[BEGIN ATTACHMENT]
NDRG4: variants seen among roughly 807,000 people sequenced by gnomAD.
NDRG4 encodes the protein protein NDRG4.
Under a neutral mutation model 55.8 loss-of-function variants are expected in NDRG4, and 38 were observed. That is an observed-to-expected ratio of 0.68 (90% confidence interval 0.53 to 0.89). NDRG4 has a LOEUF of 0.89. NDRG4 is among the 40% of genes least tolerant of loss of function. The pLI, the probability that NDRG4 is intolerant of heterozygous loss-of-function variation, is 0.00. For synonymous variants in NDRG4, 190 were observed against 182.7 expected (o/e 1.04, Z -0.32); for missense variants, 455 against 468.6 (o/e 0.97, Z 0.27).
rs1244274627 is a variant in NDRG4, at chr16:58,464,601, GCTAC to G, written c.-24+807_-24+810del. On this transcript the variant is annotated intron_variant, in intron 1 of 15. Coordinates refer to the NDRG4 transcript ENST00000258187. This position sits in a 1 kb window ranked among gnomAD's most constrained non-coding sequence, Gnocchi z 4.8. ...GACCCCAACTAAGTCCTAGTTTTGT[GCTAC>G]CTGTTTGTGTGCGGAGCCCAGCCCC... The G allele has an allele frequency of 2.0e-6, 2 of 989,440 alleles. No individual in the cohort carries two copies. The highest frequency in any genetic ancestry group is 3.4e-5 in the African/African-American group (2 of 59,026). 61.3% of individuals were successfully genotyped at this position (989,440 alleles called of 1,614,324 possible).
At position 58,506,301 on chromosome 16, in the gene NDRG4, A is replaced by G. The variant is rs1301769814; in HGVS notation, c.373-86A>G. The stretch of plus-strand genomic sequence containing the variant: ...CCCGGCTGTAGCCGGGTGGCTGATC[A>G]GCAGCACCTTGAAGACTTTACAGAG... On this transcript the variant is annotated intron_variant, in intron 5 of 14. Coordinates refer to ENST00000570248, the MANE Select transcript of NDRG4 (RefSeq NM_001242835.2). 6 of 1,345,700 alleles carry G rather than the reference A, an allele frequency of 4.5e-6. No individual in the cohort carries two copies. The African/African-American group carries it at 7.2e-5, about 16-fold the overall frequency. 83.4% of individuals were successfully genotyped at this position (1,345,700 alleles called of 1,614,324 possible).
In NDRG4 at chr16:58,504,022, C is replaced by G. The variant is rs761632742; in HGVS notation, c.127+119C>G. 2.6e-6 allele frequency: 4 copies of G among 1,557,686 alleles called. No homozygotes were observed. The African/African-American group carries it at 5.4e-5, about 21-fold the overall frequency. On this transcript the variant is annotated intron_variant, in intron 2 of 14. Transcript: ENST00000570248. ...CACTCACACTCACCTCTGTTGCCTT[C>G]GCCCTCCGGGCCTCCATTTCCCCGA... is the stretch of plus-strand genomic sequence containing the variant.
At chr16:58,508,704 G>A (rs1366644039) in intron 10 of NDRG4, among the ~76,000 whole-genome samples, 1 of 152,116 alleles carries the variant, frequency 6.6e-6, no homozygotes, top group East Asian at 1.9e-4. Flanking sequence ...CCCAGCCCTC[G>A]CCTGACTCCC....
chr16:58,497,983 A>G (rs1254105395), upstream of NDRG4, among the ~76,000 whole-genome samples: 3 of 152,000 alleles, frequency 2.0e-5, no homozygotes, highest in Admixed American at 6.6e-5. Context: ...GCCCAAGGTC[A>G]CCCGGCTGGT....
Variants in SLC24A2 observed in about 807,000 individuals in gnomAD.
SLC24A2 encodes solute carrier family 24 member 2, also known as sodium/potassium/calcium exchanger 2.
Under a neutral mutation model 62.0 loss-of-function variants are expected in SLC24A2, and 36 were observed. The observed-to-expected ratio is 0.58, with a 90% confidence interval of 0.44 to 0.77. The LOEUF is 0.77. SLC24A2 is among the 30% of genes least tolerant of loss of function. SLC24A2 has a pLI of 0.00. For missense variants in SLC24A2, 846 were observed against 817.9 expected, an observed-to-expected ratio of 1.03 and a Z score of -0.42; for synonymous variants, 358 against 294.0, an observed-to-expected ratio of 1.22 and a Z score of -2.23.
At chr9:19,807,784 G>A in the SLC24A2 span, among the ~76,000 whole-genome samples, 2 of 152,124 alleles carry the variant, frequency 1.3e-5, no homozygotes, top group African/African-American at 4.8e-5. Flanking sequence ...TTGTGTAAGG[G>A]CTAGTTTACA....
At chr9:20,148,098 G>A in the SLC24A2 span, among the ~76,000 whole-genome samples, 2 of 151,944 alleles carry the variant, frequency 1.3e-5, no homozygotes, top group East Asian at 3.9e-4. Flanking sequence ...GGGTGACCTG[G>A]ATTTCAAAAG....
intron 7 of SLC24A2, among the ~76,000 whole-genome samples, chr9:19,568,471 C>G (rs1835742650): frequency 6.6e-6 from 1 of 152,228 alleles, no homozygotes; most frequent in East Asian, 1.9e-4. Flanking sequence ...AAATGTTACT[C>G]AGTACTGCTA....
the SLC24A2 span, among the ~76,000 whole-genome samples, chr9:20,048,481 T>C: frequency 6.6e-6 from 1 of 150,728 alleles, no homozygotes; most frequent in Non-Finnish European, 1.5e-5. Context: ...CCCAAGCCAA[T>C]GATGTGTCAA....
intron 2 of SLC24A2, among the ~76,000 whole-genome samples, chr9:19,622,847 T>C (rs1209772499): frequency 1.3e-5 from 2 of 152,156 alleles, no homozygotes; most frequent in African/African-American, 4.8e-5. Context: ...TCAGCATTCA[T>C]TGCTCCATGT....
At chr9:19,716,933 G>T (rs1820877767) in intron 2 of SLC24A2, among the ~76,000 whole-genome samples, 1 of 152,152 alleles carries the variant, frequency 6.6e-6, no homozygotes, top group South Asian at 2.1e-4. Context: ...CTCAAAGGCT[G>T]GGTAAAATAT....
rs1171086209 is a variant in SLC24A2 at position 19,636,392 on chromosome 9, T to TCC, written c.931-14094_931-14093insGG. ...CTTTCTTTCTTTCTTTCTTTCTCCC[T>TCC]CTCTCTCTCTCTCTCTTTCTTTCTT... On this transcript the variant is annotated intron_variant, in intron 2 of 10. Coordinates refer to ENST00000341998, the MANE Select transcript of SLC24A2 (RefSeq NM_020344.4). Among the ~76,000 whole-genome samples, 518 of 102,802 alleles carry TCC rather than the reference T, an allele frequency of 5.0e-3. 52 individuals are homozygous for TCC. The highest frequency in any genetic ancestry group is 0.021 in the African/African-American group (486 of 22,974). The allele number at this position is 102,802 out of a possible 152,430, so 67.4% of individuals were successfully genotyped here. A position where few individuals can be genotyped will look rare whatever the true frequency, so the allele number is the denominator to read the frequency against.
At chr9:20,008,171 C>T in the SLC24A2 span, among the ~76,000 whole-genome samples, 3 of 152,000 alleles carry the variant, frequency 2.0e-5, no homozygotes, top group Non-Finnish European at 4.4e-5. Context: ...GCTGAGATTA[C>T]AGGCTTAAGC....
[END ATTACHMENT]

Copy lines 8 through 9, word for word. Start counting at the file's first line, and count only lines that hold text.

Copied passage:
chr16:58,497,983 A>G (rs1254105395), upstream of NDRG4, among the ~76,000 whole-genome samples: 3 of 152,000 alleles, frequency 2.0e-5, no homozygotes, highest in Admixed American at 6.6e-5. Context: ...GCCCAAGGTC[A>G]CCCGGCTGGT....
Variants in SLC24A2 observed in about 807,000 individuals in gnomAD.